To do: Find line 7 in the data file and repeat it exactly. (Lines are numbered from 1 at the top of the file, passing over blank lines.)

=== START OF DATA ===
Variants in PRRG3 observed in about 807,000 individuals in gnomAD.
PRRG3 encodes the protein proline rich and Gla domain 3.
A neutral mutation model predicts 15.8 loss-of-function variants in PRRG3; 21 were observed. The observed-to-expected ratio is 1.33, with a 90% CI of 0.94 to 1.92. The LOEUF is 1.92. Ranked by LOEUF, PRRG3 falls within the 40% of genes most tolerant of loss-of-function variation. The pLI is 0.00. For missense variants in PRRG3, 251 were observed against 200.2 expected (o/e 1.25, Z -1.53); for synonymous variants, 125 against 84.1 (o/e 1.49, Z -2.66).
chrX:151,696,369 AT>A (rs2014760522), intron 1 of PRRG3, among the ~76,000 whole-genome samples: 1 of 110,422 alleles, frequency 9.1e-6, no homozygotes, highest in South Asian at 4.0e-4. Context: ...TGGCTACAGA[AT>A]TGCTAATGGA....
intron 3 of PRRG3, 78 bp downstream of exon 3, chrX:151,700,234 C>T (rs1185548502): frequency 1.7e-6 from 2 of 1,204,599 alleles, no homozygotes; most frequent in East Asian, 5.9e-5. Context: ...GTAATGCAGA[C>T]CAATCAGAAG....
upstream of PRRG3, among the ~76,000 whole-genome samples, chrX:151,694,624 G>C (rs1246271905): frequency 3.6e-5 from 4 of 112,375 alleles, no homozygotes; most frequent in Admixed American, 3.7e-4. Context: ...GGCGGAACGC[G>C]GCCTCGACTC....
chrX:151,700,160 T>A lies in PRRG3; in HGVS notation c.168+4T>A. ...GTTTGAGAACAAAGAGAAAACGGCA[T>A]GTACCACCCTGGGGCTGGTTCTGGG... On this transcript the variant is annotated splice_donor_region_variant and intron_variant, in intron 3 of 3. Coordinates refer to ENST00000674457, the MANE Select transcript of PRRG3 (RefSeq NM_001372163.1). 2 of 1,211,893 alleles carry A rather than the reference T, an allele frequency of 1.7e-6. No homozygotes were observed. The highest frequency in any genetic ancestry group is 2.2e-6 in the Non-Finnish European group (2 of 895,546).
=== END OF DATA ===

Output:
chrX:151,700,160 T>A lies in PRRG3; in HGVS notation c.168+4T>A. ...GTTTGAGAACAAAGAGAAAACGGCA[T>A]GTACCACCCTGGGGCTGGTTCTGGG... On this transcript the variant is annotated splice_donor_region_variant and intron_variant, in intron 3 of 3. Coordinates refer to ENST00000674457, the MANE Select transcript of PRRG3 (RefSeq NM_001372163.1). 2 of 1,211,893 alleles carry A rather than the reference T, an allele frequency of 1.7e-6. No homozygotes were observed. The highest frequency in any genetic ancestry group is 2.2e-6 in the Non-Finnish European group (2 of 895,546).